J T Rochead, architect, 1859. Former John Street
Church, United Presbyterians. Palazzo style Italianate
former Church, now converted to bar at ground, 1st floor
still (1988) derelict with much of the interior fittings
3-storeys and basement, 11 bays to John Street, 7 bays
to Cochrane Street.
Polished ashlar, stonecleaned, bold rustication to ground.
End bays to each facade shallow advanced with
round-arched doorways in Gibbsian surround and central
console supporting bracket keystones. Elaborate panelled
doors. All ground floor openings have moulded recessed
reveals, windows with plate glass glazing. Double-height
1st floor, formerly galleried Church. End bays flanked
by pilasters, solid masonry with elaborately architraved
blind niches. To inner bays Ionic colonnade with
full-height windows directly glazed between columns,
giving the effect of engaged columns emerging from a
glass wall. Leaded glazing pattern some acid etched
Decorative frieze over doors, cornice over ground,
Columns support entablature and mutule cornice. Deep
panelled parapet with intermediate die piers, some conceal
chimneys and have single octagonal cans. Piended slate
roofs originally with octagonal ventilators.
Harled rubble flank to E, with 5 (of 9) colonnaded
windows intact, others have been blocked by adjoining
building now (1988) demolished.
INTERIOR: inserted ground floor replacing original interior.
Resulting upper floor partially gutted, with steel beams
inserted for proposed additional floor, adjoined to massive
columns with ornate Ionic capitals. 9-bay windows
divided by columns to E and W (the latter partly blocked)
and 5-bay to N; decorative stained and painted glass with
round-arch arrangement. Formerly curved angles to
large open room. Formerly with coomb ceiling (vestiges
remaining 1987) and with partial survival of superb
plasterwork, with oval centrepiece and trabeated border.
Listing is the way that a building or structure of special architectural or historic interest is recognised by law through the Planning (Listed Buildings and Conservation Areas) (Scotland) Act 1997.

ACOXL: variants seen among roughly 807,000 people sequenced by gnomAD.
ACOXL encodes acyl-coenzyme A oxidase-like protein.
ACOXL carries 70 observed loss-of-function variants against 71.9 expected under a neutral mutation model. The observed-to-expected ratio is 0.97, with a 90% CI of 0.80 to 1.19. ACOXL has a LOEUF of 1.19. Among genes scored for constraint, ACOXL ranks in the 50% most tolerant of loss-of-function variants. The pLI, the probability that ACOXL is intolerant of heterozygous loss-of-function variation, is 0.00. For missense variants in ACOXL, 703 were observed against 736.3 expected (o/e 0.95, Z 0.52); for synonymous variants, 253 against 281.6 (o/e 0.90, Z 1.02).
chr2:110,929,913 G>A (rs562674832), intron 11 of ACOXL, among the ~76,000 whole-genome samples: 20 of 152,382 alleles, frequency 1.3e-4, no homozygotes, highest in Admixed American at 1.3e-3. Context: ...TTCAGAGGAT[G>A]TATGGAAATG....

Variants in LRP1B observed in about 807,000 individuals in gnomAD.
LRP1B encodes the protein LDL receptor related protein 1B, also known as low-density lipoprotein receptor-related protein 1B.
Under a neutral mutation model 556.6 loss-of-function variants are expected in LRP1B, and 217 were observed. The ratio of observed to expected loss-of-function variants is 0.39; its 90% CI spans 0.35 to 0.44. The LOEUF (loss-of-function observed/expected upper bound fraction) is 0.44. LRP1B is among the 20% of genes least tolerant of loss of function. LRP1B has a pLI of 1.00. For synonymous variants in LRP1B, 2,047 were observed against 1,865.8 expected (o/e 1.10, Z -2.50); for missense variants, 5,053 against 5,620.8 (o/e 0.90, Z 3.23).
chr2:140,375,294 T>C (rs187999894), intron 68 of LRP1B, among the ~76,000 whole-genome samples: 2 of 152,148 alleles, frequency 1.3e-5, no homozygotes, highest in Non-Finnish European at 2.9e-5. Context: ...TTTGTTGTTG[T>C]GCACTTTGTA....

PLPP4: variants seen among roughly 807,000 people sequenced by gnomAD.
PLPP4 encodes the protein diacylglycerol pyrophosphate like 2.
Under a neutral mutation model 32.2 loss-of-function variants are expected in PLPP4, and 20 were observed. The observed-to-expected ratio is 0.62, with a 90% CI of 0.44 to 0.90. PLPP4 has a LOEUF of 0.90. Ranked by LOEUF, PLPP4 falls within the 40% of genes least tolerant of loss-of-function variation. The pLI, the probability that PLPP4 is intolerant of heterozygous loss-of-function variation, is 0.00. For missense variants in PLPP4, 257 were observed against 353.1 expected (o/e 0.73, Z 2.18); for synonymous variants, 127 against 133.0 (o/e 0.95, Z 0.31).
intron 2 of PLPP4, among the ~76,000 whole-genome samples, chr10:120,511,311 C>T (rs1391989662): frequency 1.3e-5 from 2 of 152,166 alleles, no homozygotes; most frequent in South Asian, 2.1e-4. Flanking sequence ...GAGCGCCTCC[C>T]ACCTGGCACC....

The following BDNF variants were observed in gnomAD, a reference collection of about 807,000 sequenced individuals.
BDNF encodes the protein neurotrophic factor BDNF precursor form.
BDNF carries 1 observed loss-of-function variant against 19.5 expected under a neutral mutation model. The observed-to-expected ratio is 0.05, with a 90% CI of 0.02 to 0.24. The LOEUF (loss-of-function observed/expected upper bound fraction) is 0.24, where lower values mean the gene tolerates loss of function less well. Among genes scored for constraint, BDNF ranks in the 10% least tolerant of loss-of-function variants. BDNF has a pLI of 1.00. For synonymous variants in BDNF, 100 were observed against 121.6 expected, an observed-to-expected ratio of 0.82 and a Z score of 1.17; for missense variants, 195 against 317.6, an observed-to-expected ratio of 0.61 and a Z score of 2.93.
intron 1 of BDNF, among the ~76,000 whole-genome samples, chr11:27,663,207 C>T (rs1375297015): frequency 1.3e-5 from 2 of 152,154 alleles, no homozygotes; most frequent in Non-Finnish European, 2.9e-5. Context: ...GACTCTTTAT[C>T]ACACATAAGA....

We list buildings of special architectural or historic interest using the criteria published in the Historic Environment Scotland Policy Statement.
The statutory listing address is the legal part of the listing. The information in the listed building record gives an indication of the special architectural or historic interest of the listed building(s). It is not a definitive historical account or a complete description of the building(s). The format of the listed building record has changed over time. Earlier records may be brief and some information will not have been recorded.
Listing covers both the exterior and the interior. Listing can cover structures not mentioned which are part of the curtilage of the building, such as boundary walls, gates, gatepiers, ancillary buildings etc. The planning authority is responsible for advising on what is covered by the listing including the curtilage of a listed building. For information about curtilage see www.historicenvironment.scot. Since 1 October 2015 we have been able to exclude items from a listing. If part of a building is not listed, it will say that it is excluded in the statutory address and in the statement of special interest in the listed building record. The statement will use the word 'excluding' and quote the relevant section of the Historic Environment Scotland Act 2014. Some earlier listed building records may use the word 'excluding', but if the Act is not quoted, the record has not been revised to reflect current legislation.
If you want to alter, extend or demolish a listed building you need to contact your planning authority to see if you need listed building consent. The planning authority is the main point of contact for all applications for listed building consent.
Find out more about listing and our other designations at www.historicenvironment.scot. You can contact us on 0131 668 8716 or at email@example.com.